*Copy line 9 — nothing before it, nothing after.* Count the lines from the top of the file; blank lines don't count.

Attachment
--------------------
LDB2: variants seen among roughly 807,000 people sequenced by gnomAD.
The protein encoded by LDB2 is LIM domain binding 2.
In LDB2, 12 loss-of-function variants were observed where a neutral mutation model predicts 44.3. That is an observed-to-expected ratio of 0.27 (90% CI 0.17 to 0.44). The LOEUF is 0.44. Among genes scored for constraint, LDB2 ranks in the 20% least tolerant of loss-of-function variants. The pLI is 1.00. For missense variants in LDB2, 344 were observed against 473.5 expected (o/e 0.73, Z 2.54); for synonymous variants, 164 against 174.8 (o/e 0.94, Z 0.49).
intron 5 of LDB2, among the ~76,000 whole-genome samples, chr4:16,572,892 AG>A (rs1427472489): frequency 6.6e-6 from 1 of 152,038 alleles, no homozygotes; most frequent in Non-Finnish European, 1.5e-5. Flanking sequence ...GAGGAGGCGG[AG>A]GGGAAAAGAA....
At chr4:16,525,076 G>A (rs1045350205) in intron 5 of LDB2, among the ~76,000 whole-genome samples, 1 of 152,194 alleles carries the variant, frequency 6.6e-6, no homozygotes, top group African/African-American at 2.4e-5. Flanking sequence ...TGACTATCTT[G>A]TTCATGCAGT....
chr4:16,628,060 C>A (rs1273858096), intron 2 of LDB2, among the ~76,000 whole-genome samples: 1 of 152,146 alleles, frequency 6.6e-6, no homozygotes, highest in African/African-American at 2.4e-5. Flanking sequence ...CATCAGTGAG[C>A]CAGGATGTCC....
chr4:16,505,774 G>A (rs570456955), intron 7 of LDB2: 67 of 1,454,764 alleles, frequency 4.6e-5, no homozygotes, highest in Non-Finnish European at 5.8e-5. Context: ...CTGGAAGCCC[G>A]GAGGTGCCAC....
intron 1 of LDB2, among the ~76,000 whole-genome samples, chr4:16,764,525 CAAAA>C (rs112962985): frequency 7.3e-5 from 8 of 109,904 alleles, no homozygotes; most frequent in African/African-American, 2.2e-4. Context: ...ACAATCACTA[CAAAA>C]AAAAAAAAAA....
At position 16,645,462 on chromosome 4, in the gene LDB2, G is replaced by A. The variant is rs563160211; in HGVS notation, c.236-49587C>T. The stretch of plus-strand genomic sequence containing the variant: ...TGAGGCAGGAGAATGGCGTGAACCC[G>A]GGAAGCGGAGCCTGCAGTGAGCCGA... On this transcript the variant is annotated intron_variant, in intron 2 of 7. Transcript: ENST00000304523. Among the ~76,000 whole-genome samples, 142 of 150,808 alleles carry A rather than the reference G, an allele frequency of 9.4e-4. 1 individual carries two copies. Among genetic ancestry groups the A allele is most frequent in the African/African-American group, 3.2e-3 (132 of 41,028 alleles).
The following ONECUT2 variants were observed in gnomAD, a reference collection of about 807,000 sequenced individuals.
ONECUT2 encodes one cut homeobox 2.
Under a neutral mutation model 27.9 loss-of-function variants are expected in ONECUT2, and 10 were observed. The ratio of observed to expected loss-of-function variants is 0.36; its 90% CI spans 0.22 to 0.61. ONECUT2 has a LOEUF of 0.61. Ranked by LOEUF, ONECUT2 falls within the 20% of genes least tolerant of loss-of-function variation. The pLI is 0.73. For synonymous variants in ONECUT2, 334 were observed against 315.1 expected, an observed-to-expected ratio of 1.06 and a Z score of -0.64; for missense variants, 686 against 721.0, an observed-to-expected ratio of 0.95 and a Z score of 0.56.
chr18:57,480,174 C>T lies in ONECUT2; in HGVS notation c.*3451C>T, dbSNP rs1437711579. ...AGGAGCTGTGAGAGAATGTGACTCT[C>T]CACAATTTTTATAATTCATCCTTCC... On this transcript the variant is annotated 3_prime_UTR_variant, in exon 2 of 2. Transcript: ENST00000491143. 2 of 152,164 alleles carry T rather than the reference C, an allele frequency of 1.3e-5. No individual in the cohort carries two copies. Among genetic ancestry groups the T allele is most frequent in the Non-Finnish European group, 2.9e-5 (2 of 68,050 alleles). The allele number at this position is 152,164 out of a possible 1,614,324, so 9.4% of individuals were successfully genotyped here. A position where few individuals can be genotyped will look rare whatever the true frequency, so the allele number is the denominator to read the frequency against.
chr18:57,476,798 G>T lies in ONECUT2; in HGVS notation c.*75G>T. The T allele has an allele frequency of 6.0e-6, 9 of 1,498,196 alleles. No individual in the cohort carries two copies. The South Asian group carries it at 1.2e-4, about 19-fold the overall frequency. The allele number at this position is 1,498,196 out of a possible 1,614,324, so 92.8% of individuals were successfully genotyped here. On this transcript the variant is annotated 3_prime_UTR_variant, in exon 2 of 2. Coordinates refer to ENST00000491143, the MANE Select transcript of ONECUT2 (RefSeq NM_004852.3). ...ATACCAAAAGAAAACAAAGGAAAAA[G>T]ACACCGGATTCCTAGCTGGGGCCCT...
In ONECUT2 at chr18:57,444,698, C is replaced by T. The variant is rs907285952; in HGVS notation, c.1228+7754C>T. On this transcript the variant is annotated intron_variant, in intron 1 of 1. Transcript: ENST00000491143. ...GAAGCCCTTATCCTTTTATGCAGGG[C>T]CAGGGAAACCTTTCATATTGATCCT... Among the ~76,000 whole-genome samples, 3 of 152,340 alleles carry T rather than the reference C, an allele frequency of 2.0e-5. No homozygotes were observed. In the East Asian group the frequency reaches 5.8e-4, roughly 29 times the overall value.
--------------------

At position 16,645,462 on chromosome 4, in the gene LDB2, G is replaced by A. The variant is rs563160211; in HGVS notation, c.236-49587C>T. The stretch of plus-strand genomic sequence containing the variant: ...TGAGGCAGGAGAATGGCGTGAACCC[G>A]GGAAGCGGAGCCTGCAGTGAGCCGA... On this transcript the variant is annotated intron_variant, in intron 2 of 7. Transcript: ENST00000304523. Among the ~76,000 whole-genome samples, 142 of 150,808 alleles carry A rather than the reference G, an allele frequency of 9.4e-4. 1 individual carries two copies. Among genetic ancestry groups the A allele is most frequent in the African/African-American group, 3.2e-3 (132 of 41,028 alleles).